Tuesday, October 11, 2011

Another day, another demo

Another day, another demo

This protester makes her position clear to the on-looking police officers. She doesn't want to have her city dug up over the next 10+ years in order to put the train station underground. Would you?

Following an alert on facebook at 9:15 a.m., Julia and I changed our plans and instead of going to the zoo, we went to see what the newest fence looked like. The Deutsche Bahn put a fence up the day after Germany celebrated its reunification for the 21st time. After showing some weakness by hinting that they had calculated how much it would cost to renege on their contracts (€1.5 bn), they countered with strength the morning after a long weekend. Several dozen protesters were able to situate themselves on the hill behind the fence before the last link was bolted shut. Then they were asked to leave.

Although the anti-escalation crew members were present and the police officers maintained their composure (for  the first couple of hours, anyway), even the strains of an accordion player couldn't help everyone remain calm. Tempers flared in some cases.

Ever get the feeling someone else is listening in on your conversation?
 A small group of students watched the demonstration while two squads of police officers prepared to march up to the fence.

Then one by one the protesters behind the fence were carried off to the police van, where their personal data were collected.

I heard someone say, "They get good-looking police officers so that the men don't act so aggressively."

I had to believe there was some truth to that theory when I saw the women in uniform up at the fence.

Helen and Harold Demure
Two protesters stayed up in a tree, assuming that it would be more difficult for them to be removed. They were finally brought down at 1:30 p.m.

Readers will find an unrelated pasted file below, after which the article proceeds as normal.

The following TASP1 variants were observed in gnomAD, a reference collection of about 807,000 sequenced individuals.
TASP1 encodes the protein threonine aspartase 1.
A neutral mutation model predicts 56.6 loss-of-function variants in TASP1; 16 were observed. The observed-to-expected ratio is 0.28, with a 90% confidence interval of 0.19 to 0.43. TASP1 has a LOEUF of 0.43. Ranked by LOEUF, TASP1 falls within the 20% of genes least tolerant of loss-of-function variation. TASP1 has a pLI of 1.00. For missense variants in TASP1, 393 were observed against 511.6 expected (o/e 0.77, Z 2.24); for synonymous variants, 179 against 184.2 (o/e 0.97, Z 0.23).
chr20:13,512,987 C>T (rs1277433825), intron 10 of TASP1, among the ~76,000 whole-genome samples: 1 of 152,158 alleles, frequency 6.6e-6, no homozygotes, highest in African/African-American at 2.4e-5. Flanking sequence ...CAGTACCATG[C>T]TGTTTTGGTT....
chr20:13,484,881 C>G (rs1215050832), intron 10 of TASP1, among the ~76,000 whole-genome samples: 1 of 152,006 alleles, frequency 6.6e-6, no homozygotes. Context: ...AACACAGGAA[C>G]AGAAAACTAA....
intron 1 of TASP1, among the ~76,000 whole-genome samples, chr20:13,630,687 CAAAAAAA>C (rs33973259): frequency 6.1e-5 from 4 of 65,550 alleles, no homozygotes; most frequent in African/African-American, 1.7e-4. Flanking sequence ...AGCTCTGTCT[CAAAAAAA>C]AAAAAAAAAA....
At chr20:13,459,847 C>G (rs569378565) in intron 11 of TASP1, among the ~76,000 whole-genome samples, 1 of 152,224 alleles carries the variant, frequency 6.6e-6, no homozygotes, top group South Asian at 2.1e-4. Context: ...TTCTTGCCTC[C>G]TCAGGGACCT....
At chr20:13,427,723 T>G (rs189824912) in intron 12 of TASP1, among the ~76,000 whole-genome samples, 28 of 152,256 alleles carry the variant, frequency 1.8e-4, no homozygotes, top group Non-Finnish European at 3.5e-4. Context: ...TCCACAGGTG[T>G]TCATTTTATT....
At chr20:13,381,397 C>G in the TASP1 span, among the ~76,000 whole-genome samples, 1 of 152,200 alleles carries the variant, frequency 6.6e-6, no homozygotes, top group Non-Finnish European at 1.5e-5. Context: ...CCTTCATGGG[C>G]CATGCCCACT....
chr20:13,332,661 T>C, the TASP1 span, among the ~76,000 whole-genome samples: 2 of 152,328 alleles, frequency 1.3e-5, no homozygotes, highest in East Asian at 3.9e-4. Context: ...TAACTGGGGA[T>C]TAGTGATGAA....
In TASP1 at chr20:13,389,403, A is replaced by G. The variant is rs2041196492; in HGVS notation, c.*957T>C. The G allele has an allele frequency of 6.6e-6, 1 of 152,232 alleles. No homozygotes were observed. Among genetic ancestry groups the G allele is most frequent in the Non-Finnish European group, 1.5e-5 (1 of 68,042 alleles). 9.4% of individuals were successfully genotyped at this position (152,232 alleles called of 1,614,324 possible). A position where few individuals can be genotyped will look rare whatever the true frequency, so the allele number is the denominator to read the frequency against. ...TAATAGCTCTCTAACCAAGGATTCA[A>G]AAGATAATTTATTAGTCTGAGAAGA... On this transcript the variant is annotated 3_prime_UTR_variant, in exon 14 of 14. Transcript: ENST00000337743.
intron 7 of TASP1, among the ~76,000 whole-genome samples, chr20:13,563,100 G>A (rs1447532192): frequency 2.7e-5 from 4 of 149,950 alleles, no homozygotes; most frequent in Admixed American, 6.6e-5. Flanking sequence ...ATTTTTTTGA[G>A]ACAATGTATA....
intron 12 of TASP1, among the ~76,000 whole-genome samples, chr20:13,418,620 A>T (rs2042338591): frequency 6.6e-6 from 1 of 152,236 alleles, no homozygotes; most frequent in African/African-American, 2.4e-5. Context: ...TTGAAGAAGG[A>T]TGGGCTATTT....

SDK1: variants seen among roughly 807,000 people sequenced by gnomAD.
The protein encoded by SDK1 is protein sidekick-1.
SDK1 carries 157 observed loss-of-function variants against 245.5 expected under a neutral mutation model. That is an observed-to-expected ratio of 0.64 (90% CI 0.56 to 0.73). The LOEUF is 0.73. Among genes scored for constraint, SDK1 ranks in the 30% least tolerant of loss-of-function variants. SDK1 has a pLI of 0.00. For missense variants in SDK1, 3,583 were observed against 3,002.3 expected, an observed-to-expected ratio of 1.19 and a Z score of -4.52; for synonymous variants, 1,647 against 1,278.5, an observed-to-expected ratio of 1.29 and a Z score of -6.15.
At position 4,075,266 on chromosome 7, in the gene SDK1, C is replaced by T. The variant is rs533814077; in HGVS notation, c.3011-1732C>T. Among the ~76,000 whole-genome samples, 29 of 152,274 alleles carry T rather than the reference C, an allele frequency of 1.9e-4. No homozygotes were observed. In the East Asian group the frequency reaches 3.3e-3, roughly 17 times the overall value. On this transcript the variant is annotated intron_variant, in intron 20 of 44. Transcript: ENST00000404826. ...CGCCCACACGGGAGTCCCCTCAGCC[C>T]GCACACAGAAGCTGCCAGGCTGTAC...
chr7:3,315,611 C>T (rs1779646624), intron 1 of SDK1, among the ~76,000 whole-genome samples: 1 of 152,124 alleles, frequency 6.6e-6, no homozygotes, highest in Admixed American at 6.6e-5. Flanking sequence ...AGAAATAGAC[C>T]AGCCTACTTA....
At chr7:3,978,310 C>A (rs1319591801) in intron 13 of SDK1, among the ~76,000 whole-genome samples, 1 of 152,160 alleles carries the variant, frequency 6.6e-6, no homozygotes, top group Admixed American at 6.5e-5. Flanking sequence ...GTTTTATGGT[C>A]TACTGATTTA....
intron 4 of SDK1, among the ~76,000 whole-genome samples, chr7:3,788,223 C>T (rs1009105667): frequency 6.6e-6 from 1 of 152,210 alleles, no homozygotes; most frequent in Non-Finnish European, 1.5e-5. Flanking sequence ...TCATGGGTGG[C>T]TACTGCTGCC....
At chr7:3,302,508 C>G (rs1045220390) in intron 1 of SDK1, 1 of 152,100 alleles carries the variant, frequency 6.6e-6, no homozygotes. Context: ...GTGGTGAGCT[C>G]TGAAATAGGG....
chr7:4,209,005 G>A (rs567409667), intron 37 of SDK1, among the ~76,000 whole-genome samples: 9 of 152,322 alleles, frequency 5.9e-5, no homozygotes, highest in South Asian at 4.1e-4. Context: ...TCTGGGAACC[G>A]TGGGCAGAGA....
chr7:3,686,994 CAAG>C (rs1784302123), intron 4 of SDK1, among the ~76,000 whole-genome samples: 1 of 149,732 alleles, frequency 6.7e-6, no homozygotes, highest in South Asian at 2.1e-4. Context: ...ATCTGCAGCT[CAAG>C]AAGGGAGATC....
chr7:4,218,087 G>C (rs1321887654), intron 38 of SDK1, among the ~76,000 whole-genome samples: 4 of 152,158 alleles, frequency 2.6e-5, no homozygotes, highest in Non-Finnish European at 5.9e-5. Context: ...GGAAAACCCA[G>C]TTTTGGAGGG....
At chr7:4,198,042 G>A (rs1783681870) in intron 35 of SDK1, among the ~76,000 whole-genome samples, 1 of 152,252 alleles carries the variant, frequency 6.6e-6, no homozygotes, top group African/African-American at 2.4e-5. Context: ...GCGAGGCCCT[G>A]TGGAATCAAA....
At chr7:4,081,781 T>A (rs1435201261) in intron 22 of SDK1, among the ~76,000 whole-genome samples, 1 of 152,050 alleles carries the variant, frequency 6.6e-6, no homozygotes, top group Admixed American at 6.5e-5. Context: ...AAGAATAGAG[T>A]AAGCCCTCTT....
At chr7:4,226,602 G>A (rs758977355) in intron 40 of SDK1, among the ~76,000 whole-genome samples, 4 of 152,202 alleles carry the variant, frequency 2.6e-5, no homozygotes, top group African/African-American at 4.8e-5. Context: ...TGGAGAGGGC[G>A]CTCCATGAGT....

The action is behind you!
The press was allowed behind the fence, as were several emergency medical technicians. However, then this EMT attempted to throw a safety rope up to the people in the tree, the police protested and dragged him off. He was very heavy and had a backpack on and took a tumble down the hill. I think I was the only one to get a picture of that.

Dietrich Wagner was left in peace and then left in peace
The 66-year-old protester who had nearly been blinded (he retained some eyesight in one eye but is legally blind) remained on the hill under the occupied tree, away from the main group of demonstrators. The police left him alone. On September 30, 2010, he was shot full in the face with a water canon during Germany's worst protest of the century.

The grass is not greener on the other side of this fence. Stuttgart has been split apart by this construction project. The past two days (Oct. 10-11, 2011) Stuttgart has been paralyzed by a strike by the tram and bus drivers. Yesterday there were 50 miles of traffic jams in and around the metropolis. Yesterday evening as I was going to pick up my son from the other side of town and had to detour around the weekly Stuttgart 21 protest at the train station, I tried to imagine what the traffic situation would be like with a huge pit in the middle of the city for 7-10 years and major delays and disturbances in public transport. That will be really messy. The two "stress tests" that the plans for the new train station have passed did not take into consideration the construction period and how it would affect the citizens of the metropolitan region of Stuttgart.

Modern weapons
A man who appeared to be the chief of police (he had about 6 stars on his shoulder) was positioned outside the fence and chatted amiably with the protesters, most of whom he appeared to know personally (from other demonstrations). Cell phones were in use on both sides of the fence, the police using them along with their radios to relay the newest commands down the line and the protesters to call other supporters. So who won at the end of the day? Well it is not as bad as in the Genesis song, "The Battle of Epping Forest", during which Peter Gabriel sings "There's no one left alive; it must be a draw. So the black-cap barons flip a coin to settle the score." However, the protesters were all carried off, Mr. Wagner rode away on his bicycle of his own accord and even though the police threatened to use mace (pepper spray) when the fence was nearly toppled, the day ended in a draw. It probably didn't hurt that the mounted police rode in to save the day!
The next day, a ditch was dug through the hillside so that blue pipes could be laid to pump out the ground water before the big dig. However, the following day the Deutsche Bahn was ordered to fill it back in.

1 comment:

  1. I just watched a documentary called Urbanized http://movies.netflix.com/WiMovie/Urbanized/70218731?trkid=438403 which contains a fairly lengthy segment about Stuttgart 21 along with many examples of good city planning and poor. You might find it interesting.